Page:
Wana’s Nancy Whiteman shares 14 years of cannabis business lessons

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Image of Wana Brands product racks containing gummies

(Photo courtesy of Wana Brands)

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Image of Nancy Whiteman, founder of Wana Brands.
Nancy Whiteman (Courtesy photo)

In recognition of the recent announcement that I am stepping down as Wana Brands’ CEO, MJBizDaily was kind enough to offer me the opportunity to share some of my hard-earned learnings over the past 14 years in the cannabis industry.

Those who know me know that my favorite joke about cannabis is that there are a thousand questions but only one answer – and the answer is always the same: “It depends.”

That is my way of saying there are no hard and fast rules in cannabis; every market, partner and situation is so different that it is imperative to keep an open mind and be flexible.

So, as you will see, even my learnings are infused with “it depends” thinking.

You are not a magpie: You don’t need to chase every shiny thing you see.

If you do, you will lose focus, and you won’t get any of the shiny things.

Use your life and business experience, gut instincts and data to identify the things you think will really pay off and put your energy there.

But …

Don’t be myopic: Sometimes an epic opportunity that you were not planning on comes along.

Or, sometimes, the industry changes in a way that you weren’t expecting.

Don’t be an idiot and say “no” just because it wasn’t in your plan.

Consider changing your plan – but not every day.

Speaking of plans, forget about five-year business plans: A long-term plan probably seemed like a good idea once upon a time, but cannabis changes too quickly to lock into a rigid plan.

Flexibility and resilience are your new best friends.

Build as much optionality as you can into your planning.

But …

That’s not an excuse for lack of strategy: You need an overall direction of where you are going, a North Star of whether a given opportunity fits with your mission and brand ethos.

I call this “preparedness meets opportunism.”

You need to start getting ready for a new opportunity well before it is fully formed so that you are ready to go when the opportunity emerges.

Trust your gut: My worst mistakes over the past 14 years were all the result of either not asking enough questions or overriding my instincts because I wanted a particular deal.

If something seems off, it probably is.

If someone seems kind of shady, they probably are.

If you get red flags early, pay attention and save yourself a lot of heartache and time.

This is a small industry; ask around.

People get reputations (good and bad) for good reasons.

But …

While individuals usually don’t change much, circumstances and companies do: And so do management teams.

That company you had a bad experience with five years ago might be completely different today – or not.

But keep an open mind before you write them off.

Don’t do things you know are illegal: This is an obvious one, yet it gets ignored a surprising amount of the time.

But …

Do take a reasonable level of risk: There are a lot of legitimate gray areas in this industry.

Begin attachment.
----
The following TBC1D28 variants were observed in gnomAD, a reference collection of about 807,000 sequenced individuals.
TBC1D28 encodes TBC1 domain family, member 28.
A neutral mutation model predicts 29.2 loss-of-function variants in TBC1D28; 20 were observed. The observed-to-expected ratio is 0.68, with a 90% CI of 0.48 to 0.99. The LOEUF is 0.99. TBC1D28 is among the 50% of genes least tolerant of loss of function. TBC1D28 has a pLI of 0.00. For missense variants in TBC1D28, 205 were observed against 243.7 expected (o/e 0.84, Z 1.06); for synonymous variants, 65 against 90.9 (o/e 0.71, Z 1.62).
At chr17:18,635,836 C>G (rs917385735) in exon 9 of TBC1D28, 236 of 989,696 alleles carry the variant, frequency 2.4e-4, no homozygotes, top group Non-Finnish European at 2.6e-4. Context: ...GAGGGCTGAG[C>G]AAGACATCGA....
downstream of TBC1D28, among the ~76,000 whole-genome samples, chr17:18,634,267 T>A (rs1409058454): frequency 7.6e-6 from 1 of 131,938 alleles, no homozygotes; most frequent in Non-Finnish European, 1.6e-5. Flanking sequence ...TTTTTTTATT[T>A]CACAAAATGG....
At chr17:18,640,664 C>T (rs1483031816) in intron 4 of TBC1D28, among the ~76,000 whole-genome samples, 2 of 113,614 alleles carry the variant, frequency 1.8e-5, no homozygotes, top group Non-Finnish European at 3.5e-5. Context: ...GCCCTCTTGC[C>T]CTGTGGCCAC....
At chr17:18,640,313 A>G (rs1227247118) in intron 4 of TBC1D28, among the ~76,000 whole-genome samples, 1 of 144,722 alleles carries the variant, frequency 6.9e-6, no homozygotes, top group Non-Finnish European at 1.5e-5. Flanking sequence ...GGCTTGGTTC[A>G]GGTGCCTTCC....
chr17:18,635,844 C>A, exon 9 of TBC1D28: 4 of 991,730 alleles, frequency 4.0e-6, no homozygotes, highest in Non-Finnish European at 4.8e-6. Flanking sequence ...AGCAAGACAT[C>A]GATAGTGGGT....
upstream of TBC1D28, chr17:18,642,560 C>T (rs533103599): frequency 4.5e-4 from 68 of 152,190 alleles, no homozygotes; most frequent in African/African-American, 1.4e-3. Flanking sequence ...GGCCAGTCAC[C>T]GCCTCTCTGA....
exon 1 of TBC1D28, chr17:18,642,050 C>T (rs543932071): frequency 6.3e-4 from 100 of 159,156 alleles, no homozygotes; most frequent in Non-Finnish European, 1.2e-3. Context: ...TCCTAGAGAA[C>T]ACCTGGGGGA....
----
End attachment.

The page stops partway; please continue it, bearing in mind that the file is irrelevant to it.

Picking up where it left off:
Sometimes, you have to assess the risk and decide if it’s worth trying.

Evaluate the worst-case scenario and figure out if the juice is worth the squeeze.

Sometimes, the risk of not doing something is greater than the risk of trying something new and failing.

Don’t overthink everything: This is not an industry for people who like to have every “i” dotted and “t” crossed before proceeding.

Sometimes, the best market research is to try something and see what happens.

Jump in early, make your mistakes, learn from them and iterate quickly and intelligently.

Cannabis changes too fast for people and companies who are not nimble.

Plus, in my mind, you really fail only if you don’t learn anything from your failure.

But …

Don’t let the need for speed replace intelligent vetting: Now – much more than 14 years ago, when I started – there is actual information out there.

It’s not perfect, but it’s way better than nothing.

Make sure you use it.

Your team is everything: The most important job of a leader is to know what their organization needs and to hire great people to do it.

Set a clear vision, then get out of the way and let them do their thing.

Also, work with the best professionals you can afford and choose the best partners you can find.

There are no “buts” for this one: Finally, a lesson with no “it depends” caveat!

You and your company are only as good as the people you surround yourself with – from your team to your partners and vendors. Choose wisely.

Having people you trust, respect and like is the difference not only between success and failure but also between enjoying work and dreading work.

Someone smarter than I said that the quality of your relationships equals the quality of your life.

I couldn’t agree more.

Finally, recognize the unique opportunity that being in the cannabis industry represents.

You have the chance to be part of something new that has the power to change the world for the better.

Don’t lose your sense of mission and your sense of fun.

It’s a crazy ride, but try to lean into it and see the possibilities and the humor.

It’s cannabis, after all!

Nancy Whiteman is the founder and outgoing CEO of Colorado-based cannabis-infused product manufacturer Wana Brands. She will continue to serve on the board of managers at Canopy USA, which in May announced its plans to complete a planned acquisition of Wana and two other U.S. companies serving the regulated marijuana industry. She can be reached via her LinkedIn page.